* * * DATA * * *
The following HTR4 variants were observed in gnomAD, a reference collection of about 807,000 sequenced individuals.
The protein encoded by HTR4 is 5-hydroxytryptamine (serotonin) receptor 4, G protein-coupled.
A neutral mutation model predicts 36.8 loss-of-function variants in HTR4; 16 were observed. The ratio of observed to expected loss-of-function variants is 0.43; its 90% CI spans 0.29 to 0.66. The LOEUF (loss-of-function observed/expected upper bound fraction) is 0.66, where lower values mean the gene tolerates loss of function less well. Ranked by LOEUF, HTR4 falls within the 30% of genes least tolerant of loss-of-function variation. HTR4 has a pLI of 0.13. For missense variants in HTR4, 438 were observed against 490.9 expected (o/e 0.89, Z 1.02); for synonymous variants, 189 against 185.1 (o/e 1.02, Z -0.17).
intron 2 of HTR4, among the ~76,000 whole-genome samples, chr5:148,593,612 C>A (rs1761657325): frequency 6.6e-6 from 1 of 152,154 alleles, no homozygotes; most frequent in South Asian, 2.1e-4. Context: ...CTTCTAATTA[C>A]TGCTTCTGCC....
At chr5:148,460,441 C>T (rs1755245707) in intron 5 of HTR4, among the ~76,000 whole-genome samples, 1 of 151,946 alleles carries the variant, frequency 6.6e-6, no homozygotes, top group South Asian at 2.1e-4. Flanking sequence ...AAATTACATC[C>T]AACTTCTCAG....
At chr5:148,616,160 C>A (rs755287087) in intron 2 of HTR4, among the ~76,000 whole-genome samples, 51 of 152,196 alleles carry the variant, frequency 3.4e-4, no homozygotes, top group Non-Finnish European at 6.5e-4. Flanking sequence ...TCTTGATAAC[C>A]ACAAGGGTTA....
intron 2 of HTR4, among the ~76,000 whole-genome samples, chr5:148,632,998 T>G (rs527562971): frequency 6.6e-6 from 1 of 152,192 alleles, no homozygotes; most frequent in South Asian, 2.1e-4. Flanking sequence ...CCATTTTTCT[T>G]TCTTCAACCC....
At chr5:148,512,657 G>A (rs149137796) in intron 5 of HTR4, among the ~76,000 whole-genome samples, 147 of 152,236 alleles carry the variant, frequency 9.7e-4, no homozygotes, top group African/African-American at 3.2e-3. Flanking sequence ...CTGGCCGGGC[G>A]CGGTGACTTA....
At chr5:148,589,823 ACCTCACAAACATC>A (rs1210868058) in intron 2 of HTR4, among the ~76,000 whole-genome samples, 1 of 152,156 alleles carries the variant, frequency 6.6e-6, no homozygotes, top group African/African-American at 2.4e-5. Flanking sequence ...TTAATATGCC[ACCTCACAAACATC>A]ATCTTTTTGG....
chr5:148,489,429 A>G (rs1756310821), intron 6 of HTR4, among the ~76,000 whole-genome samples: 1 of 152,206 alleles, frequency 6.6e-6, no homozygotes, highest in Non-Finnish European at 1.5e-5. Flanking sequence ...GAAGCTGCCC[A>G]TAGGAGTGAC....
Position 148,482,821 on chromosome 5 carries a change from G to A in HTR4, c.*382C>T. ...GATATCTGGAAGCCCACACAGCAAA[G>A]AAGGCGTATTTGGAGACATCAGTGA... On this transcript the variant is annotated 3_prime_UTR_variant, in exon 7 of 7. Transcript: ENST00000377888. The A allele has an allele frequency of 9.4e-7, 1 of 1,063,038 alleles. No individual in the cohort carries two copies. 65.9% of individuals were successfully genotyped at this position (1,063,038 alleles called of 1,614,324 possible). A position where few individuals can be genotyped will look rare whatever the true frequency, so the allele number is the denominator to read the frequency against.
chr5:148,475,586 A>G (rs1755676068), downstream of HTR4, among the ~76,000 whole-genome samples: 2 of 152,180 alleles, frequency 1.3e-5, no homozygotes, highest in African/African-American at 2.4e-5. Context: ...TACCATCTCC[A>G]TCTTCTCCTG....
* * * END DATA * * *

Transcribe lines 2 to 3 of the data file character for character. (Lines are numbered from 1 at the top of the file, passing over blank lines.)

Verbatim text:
The protein encoded by HTR4 is 5-hydroxytryptamine (serotonin) receptor 4, G protein-coupled.
A neutral mutation model predicts 36.8 loss-of-function variants in HTR4; 16 were observed. The ratio of observed to expected loss-of-function variants is 0.43; its 90% CI spans 0.29 to 0.66. The LOEUF (loss-of-function observed/expected upper bound fraction) is 0.66, where lower values mean the gene tolerates loss of function less well. Ranked by LOEUF, HTR4 falls within the 30% of genes least tolerant of loss-of-function variation. HTR4 has a pLI of 0.13. For missense variants in HTR4, 438 were observed against 490.9 expected (o/e 0.89, Z 1.02); for synonymous variants, 189 against 185.1 (o/e 1.02, Z -0.17).